Start-Process -FilePath "$conda_path" -ArgumentList $args -Wait -Passthru
$args = "config --set changeps1 no"
Start-Process -FilePath "$conda_path" -ArgumentList $args -Wait -Passthru
$args = "update --all"
Start-Process -FilePath "$conda_path" -ArgumentList $args -Wait -Passthru
$args = "clean -tipy"
Start-Process -FilePath "$conda_path" -ArgumentList $args -Wait -Passthru

Once Conda is installed, the Python modules can be installed as follows:

$ conda create -n cmake-cookbook python=3.5
$ conda activate cmake-cookbook
$ conda install --file requirements.txt

Executing conda deactivate will drop you outside of the isolated environment.

Additional software

Some recipes will require additional software, which will be covered in the following sections.


Most Linux distributions provide packages for BLAS and LAPACK. For example, on Ubuntu 14.04 LTS, you can run the following:

$ sudo apt-get install libatlas-dev liblapack-dev liblapacke-dev

On macOS, the Accelerate libraries, shipped with XCode, are enough for our purposes.

On Windows, using the MSYS2 environment, these libraries can be installed as follows (assuming the 64-bit version):

$ pacman -S mingw64/mingw-w64-x86_64-openblas

Alternatively, you can download the reference implementation of BLAS and LAPACK from GitHub ( and compile the libraries from sources. Commercial vendors might offer packages for their own implementations of the BLAS and LAPACK APIs, available as installers for your platform.

Message passing interface (MPI)

There are many commercial and non-commercial implementations of MPI. For our introductory purposes, it is enough to install any of the freely available non-commercial implementations. On Ubuntu 14.04 LTS, we recommend OpenMPI. It can be installed with the following command:

$ sudo apt-get install openmpi-bin libopenmpi-dev

For macOS, Homebrew distributes MPICH:

$ brew install mpich

It is also possible to compile OpenMPI from the sources publicly available at

For Windows, the Microsoft MPI implementation can be installed via

The Eigen linear algebra template library

Some recipes will need the Eigen linear algebra template library, version 3.3 or later. If your package manager does not provide Eigen, you can install it from the online source archive ( For example, on GNU/Linux and macOS, you can install Eigen to the directory $HOME/Deps/eigen, as follows:

$ eigen_version="3.3.4"
$ mkdir -p eigen
$ curl -Ls${eigen_version}.tar.gz | tar -xz -C eigen --strip-components=1
$ cd eigen
$ cmake -H. -Bbuild_eigen -DCMAKE_INSTALL_PREFIX="$HOME/Deps/eigen" &> /dev/null
$ cmake --build build_eigen -- install &> /dev/null

The Boost libraries

Boost packages are available for every operating system; most Linux distributions have packages available through their package managers. On Ubuntu 14.04 LTS, for instance, the Boost Filesystem, Boost Python, and Boost Test libraries can be installed with the following command:

$ sudo apt-get install libboost-filesystem-dev libboost-python-dev libboost-test-dev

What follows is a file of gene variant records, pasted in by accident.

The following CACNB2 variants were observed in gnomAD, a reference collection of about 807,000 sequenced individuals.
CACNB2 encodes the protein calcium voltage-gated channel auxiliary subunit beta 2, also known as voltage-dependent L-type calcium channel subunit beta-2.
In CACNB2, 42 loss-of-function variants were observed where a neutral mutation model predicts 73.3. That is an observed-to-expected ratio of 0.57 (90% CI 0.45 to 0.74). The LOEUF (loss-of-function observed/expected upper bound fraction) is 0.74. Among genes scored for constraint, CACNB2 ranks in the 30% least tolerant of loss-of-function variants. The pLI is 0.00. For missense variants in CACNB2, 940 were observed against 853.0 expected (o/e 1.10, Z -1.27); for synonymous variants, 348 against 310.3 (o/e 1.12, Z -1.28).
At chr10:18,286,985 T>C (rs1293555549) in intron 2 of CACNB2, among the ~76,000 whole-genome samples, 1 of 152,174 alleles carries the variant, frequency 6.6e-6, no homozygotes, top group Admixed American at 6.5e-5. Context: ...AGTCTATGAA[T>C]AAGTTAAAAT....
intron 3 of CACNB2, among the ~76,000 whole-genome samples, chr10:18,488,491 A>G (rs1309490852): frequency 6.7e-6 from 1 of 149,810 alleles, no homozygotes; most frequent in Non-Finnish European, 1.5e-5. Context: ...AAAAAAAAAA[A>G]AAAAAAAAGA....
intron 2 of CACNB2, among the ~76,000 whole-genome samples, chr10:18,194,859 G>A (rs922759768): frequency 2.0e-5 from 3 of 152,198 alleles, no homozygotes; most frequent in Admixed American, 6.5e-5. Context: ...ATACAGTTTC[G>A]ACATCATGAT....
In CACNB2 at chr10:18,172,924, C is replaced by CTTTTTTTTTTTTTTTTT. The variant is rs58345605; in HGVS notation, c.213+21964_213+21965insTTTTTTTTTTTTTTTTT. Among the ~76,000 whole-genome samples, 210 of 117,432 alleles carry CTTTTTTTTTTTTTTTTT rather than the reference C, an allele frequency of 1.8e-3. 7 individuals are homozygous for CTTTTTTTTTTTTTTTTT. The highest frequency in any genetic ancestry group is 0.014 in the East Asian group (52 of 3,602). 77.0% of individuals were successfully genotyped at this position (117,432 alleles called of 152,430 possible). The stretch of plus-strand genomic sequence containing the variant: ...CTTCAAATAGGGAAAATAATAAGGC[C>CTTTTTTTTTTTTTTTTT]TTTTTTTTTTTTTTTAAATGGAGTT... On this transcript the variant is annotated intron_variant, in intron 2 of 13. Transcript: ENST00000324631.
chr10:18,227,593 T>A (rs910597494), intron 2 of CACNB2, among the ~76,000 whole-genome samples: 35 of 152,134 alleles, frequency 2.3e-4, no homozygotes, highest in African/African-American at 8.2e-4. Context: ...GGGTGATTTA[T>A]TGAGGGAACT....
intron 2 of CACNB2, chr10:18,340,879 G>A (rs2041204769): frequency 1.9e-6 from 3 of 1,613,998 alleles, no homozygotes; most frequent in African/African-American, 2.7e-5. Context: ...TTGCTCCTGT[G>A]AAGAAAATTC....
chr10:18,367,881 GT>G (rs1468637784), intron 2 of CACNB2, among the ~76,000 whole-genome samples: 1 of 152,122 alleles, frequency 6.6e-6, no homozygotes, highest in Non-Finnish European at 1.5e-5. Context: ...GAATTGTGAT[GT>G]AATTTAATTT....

For macOS, both MacPorts and Homebrew provide packages for recent versions of Boost. Our testing setup on macOS installs Boost as follows:

$ brew cask uninstall --force oclint
$ brew uninstall --force --ignore-dependencies boost
$ brew install boost
$ brew install boost-python3

Prebuilt binary distributions for Windows are also available for download from the Boost website at Alternatively, you can download the sources from and compile the libraries yourself.


On Debian/Ubuntu-like systems, cross-compilers can be installed with the following command:

$ sudo apt-get install gcc-mingw-w64 g++-mingw-w64 gfortran-mingw-w64

On macOS, using Brew, the cross-compilers can be installed as follows:

$ brew install mingw-w64

Other package managers offer corresponding packages.

An alternative to using packaged cross-compilers is to build them from sources, using the M cross environment (

ZeroMQ, pkg-config, UUID, and Doxygen

On Ubuntu 14.04 LTS, these packages can be installed as follows:

$ sudo apt-get install pkg-config libzmq3-dev doxygen graphviz-dev uuid-dev

On macOS, we recommend installing with Brew:

$ brew install ossp-uuid pkg-config zeromq doxygen

The pkg-config program and UUID library are only available on Unix-like systems.

On Windows, using the MSYS2 environment, these dependencies can be installed as follows (assuming the 64-bit version):

$ pacman -S mingw64/mingw-w64-x86_64-zeromq
$ pacman -S mingw64/mingw-w64-x86_64-pkg-config
$ pacman -S mingw64/mingw-w64-x86_64-doxygen
$ pacman -S mingw64/mingw-w64-x86_64-graphviz

Conda build and deployment tools

The recipes exploring packaging with Conda will need Miniconda and the Conda build and deployment tools installed on the system. The instructions for the installation of Miniconda were given previously. To install Conda build and deployment tools on GNU/Linux and macOS, run the following commands:

$ conda install --yes --quiet conda-build anaconda-client jinja2 setuptools
$ conda clean -tipsy
$ conda info -a

These tools can be installed on Windows as follows:

$conda_path = "C:\Deps\conda\Scripts\conda.exe"

$args = "install --yes --quiet conda-build anaconda-client jinja2 setuptools"
Start-Process -FilePath "$conda_path" -ArgumentList $args -Wait -Passthru

$args = "clean -tipsy"
Start-Process -FilePath "$conda_path" -ArgumentList $args -Wait -Passthru

$args = "info -a"
Start-Process -FilePath "$conda_path" -ArgumentList $args -Wait -Passthru